ROCKPORT — Oliver Balf lived an interesting life.
The son of Russian Jewish immigrants, he served in the Navy at the end of World War II; played cornet and hung out in jazz clubs; illustrated fashion and other ads for The Boston Globe; helped found and taught at what is now Montserrat College of Art in Beverly; illustrated children’s books; and worked with Parker Brothers in toy and game design.
But painting was all he really wanted to do, said Nancy Balf, his wife from 1952 until his death at age 83 in 2010.
“I think painting was such a major part of his life that it, not overshadowed, but colored a lot of different things. Because in the back of his mind he would have always liked to paint, period,” she said.
And paint he did. On a recent afternoon, she led a tour of their home since 1963, tucked away on a narrow hilltop lane just south of Rockport Harbor. Oliver’s paintings decorated almost every wall on the ground floor. Upstairs, more paintings were everywhere: hung on the walls, leaning in stacks against furniture, flat in storage boxes, and rolled in a closet. At last count, 972 paintings that have been photographed, catalogued, and archived, with many more in waiting.
“Mom’s doing a great job representing my dad’s work,” said the couple’s son, Thomas Balf. “It’s a healing process — and a challenging process.”
At “challenging,” Nancy nodded in vigorous agreement. “Ollie” Balf was not one for titling his pictures, nor dating them, nor keeping meticulous records. She’s had help from family and friends, and also a crew of interns from Montserrat, who photographed and catalogued the paintings in 2012.
Like many painters, Balf changed his style over the years, more radically than many. His early, rather academic oils of Cape Ann scenes from Gloucester harbor to Pigeon Cove quarries gave way to looser, more expressionist watercolors of the same scenes. Paintings of trees in Ravenswood Park focused on form and color. He painted still lifes of fruit and lobsters, but also portraits of the jazz artists he loved.
“My perspective is — as we all get older and understand how challenging raising kids and pursuing your passion and making money are, or just how difficult change is — to look at his body of work and admire his change over time,” said Thomas Balf.
“He had certain bodies of work that he explored for decades,” said Leonie Bradbury, director and curator of the Montserrat galleries. “But they could be very diverse, between those bodies of work.”
Her favorites, she said, are watercolor kitchen scenes with fruits or tomatoes and blue plates: “You can really see his mastery of the medium.”
Balf’s late work focused on what the family calls “word paintings,” in which bright, seemingly abstract shapes conceal distorted letters spelling JAZZ and other words. “The kids can figure them out faster than we can,” said Thomas Balf, referring to the artist’s seven grandchildren.
Brothers Thomas, Todd, and Michael took their father’s time at the easel in stride. He was a fast painter, anyway.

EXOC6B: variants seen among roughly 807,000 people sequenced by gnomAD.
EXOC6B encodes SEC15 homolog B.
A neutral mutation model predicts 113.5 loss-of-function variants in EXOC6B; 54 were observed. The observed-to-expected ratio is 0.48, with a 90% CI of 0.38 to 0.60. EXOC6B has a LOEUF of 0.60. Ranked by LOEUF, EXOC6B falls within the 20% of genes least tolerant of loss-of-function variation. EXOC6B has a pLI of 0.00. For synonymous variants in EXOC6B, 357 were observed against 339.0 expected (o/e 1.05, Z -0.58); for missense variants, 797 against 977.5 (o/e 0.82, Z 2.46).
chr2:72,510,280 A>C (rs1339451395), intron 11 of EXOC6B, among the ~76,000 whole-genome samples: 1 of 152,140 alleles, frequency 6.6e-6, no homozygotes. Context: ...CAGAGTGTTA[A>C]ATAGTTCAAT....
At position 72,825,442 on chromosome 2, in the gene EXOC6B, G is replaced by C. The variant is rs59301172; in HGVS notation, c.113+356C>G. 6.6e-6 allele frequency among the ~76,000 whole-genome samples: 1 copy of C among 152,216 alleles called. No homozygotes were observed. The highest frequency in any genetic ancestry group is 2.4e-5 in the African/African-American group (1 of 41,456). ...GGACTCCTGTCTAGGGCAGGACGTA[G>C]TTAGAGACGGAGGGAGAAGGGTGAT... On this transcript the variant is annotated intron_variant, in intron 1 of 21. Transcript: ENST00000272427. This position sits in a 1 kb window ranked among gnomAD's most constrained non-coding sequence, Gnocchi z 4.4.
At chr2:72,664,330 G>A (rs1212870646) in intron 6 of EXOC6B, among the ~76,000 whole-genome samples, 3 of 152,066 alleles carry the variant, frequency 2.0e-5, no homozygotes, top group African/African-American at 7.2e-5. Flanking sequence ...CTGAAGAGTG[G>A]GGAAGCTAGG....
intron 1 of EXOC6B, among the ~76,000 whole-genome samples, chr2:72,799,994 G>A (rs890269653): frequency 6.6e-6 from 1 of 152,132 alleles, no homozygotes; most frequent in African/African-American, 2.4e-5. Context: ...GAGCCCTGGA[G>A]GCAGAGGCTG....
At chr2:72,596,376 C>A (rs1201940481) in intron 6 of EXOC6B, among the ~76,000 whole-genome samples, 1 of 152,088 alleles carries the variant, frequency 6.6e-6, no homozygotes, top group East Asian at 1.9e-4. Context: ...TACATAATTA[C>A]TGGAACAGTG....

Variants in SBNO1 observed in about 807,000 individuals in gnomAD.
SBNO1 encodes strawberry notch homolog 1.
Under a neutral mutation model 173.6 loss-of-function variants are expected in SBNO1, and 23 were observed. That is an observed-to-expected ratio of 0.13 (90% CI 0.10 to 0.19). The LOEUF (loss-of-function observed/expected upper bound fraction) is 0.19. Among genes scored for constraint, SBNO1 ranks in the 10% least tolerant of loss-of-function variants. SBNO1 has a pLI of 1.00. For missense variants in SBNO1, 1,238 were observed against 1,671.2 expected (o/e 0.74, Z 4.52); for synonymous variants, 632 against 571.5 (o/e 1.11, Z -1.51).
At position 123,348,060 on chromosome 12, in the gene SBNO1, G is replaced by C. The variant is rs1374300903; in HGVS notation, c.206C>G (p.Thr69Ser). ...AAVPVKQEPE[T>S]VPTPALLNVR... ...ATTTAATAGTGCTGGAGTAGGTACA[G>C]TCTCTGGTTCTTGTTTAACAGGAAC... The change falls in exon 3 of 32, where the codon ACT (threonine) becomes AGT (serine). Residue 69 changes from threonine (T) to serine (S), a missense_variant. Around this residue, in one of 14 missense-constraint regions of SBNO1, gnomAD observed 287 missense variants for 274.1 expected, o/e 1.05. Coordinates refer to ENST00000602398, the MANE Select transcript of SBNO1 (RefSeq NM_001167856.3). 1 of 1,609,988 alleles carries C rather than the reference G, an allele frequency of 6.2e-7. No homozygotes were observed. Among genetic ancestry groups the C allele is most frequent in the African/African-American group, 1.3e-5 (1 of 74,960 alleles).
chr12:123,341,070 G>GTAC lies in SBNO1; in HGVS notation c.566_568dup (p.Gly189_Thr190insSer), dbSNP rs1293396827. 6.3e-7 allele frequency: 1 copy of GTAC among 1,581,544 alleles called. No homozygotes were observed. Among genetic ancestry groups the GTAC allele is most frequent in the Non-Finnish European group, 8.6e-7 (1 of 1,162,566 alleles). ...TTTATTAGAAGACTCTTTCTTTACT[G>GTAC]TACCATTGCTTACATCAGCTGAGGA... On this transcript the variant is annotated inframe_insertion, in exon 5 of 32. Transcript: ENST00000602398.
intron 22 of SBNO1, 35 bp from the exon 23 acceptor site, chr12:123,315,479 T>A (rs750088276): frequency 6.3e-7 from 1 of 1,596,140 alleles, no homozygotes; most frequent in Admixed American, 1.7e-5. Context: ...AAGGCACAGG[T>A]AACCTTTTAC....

“It would be like, ‘OK, I’m going to go out and do a watercolor,’ ” Thomas Balf said, starting to laugh. “Todd and I would be playing basketball or something, and he’d be back in half an hour, which is the blink of an eye for a kid. And it was like, ‘I thought you were going painting!’ ‘I did, I went to Old Garden Beach, and here it is, and now I’m settling in for the Sox game for the afternoon.’ ”
A native of Rye, N.Y., Oliver Balf first came to Rockport in 1947, according to the family. He and his roommate at Temple University’s Tyler School of Art, Frank Shade, spent that summer in a tent off South Street and painting all over town. Returning each summer, he later worked in a frame shop on Tuna Wharf and, his family said, spent most of his meager wages at the Hawthorne Inn jazz club in East Gloucester.
At some point, he briefly met Nancy Dean Miller, but he didn’t ask for her number until they ran into each other again in 1952 at Lou Terrasi’s jazz club in New York City. A couple of months later, they were married. By 1955, they were living in Rockport and starting a family. And he was still painting. In 1961, he received the best young artist prize from the Rockport Art Association.
But he had a family to support. He and some of his artist pals commuted together to the Globe in Boston, where they worked nights for a few years illustrating ads. “In those days, nobody had any money and everybody was scuffling,” Nancy Balf said with a nostalgic smile.
He and his friends also taught at the New England School of Art, and in the late 1960s, Balf was one of about 10 who banded together to start Montserrat. They had specific notions about art education “and I think they thought the commute would be easier,” Nancy Balf said with a laugh.
Balf paintings sold through galleries in Boston and Rockport over the years, and a few may be borrowed back for the show. But there’s a sense that maybe he hasn’t quite gotten his due.
“Around here people know him,” said Bradbury. “But it would be nice if his reputation could go beyond the North Shore and Boston.”
Joel Brown can be reached at email@example.com.